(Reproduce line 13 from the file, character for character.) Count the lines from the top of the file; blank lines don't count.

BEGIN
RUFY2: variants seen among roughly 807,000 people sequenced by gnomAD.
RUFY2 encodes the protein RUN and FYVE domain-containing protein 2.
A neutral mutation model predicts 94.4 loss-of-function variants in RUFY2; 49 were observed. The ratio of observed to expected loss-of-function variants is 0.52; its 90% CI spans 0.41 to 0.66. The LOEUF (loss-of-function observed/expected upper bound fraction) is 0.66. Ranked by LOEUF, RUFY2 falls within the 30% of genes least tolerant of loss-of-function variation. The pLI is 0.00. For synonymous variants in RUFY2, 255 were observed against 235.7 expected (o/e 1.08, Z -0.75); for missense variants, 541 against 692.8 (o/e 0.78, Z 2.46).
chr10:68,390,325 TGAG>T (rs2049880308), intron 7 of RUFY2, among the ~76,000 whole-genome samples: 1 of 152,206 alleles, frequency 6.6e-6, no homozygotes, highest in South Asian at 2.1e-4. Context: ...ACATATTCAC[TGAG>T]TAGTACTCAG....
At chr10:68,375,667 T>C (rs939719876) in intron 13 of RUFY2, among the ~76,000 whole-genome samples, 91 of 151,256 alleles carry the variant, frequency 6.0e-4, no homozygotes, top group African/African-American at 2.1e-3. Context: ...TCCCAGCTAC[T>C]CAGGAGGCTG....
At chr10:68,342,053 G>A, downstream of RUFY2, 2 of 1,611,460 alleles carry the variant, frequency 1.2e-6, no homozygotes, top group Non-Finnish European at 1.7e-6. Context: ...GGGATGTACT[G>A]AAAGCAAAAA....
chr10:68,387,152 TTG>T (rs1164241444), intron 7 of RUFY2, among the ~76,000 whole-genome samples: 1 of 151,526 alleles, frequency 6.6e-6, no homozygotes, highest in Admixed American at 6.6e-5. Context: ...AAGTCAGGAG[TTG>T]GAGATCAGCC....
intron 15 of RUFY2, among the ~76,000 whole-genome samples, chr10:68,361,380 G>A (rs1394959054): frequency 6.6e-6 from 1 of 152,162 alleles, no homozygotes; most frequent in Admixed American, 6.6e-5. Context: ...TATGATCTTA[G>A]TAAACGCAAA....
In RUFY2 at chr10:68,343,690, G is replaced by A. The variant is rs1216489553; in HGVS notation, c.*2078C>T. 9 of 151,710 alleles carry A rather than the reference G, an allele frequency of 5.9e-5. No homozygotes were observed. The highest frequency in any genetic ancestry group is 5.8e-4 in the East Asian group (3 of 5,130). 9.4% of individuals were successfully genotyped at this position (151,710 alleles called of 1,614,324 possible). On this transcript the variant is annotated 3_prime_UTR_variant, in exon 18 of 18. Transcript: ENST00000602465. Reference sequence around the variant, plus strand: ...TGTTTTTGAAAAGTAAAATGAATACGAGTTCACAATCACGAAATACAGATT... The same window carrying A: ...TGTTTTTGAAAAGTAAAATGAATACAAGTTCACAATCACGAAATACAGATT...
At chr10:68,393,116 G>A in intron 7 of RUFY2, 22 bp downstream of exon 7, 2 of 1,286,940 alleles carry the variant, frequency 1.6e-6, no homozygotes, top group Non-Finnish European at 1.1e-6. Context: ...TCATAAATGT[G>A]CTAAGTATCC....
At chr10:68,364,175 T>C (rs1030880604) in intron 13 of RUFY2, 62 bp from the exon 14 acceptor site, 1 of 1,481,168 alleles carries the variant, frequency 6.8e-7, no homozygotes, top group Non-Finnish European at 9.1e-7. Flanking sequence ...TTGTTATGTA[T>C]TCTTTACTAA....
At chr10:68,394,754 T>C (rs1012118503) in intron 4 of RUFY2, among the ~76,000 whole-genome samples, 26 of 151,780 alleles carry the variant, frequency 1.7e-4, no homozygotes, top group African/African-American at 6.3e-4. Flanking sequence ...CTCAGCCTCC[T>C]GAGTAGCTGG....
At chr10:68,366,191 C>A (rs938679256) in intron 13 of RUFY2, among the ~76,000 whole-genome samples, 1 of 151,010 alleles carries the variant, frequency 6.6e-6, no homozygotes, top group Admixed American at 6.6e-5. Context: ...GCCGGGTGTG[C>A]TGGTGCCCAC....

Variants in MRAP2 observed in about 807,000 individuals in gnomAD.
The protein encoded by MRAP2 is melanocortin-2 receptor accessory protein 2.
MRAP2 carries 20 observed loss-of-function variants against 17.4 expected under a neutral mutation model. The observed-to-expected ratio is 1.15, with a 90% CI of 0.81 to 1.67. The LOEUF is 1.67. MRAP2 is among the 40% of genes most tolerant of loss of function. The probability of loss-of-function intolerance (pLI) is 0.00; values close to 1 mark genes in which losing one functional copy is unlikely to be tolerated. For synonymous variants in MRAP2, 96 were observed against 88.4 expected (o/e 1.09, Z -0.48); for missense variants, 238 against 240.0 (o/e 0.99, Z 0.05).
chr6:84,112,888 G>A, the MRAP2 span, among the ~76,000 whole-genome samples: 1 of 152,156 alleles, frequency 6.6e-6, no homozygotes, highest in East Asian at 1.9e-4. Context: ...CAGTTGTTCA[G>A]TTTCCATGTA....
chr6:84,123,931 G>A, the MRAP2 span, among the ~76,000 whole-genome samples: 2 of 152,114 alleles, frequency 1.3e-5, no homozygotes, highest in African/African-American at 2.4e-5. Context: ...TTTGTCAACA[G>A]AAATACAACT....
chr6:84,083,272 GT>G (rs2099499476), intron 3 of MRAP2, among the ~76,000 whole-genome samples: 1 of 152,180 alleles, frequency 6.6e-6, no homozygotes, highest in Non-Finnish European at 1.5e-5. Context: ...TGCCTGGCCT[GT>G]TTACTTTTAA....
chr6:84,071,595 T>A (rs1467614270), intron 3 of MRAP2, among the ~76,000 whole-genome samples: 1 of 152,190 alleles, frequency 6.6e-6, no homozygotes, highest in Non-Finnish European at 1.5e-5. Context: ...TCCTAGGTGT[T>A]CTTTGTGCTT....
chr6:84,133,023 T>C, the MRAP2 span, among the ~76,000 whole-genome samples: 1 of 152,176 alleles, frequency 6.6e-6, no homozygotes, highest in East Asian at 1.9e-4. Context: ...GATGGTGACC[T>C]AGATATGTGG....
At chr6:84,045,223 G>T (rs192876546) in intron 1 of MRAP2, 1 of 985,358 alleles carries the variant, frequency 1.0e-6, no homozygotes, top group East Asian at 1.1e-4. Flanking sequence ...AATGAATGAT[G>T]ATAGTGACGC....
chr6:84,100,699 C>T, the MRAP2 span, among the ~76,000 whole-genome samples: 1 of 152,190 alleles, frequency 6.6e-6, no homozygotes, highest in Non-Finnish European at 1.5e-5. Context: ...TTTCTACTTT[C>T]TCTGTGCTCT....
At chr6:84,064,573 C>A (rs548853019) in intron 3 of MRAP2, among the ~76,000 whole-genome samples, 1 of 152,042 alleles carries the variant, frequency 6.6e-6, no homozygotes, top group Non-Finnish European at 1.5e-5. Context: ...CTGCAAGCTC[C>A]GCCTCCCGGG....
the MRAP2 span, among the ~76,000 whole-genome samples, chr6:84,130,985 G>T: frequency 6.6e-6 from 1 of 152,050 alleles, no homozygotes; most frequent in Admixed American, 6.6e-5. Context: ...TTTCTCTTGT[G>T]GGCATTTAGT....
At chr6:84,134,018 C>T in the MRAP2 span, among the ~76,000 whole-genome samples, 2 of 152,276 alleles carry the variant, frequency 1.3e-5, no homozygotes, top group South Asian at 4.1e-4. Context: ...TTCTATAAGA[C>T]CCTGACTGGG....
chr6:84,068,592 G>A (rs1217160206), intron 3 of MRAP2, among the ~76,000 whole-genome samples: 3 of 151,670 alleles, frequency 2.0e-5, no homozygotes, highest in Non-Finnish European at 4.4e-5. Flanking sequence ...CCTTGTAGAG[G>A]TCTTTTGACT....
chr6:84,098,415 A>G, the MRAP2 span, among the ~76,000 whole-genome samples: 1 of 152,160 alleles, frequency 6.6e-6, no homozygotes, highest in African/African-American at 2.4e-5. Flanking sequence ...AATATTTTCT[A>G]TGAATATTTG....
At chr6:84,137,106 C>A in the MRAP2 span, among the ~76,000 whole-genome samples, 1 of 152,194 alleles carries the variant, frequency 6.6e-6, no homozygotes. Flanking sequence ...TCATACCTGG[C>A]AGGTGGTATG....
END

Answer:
At chr10:68,366,191 C>A (rs938679256) in intron 13 of RUFY2, among the ~76,000 whole-genome samples, 1 of 151,010 alleles carries the variant, frequency 6.6e-6, no homozygotes, top group Admixed American at 6.6e-5. Context: ...GCCGGGTGTG[C>A]TGGTGCCCAC....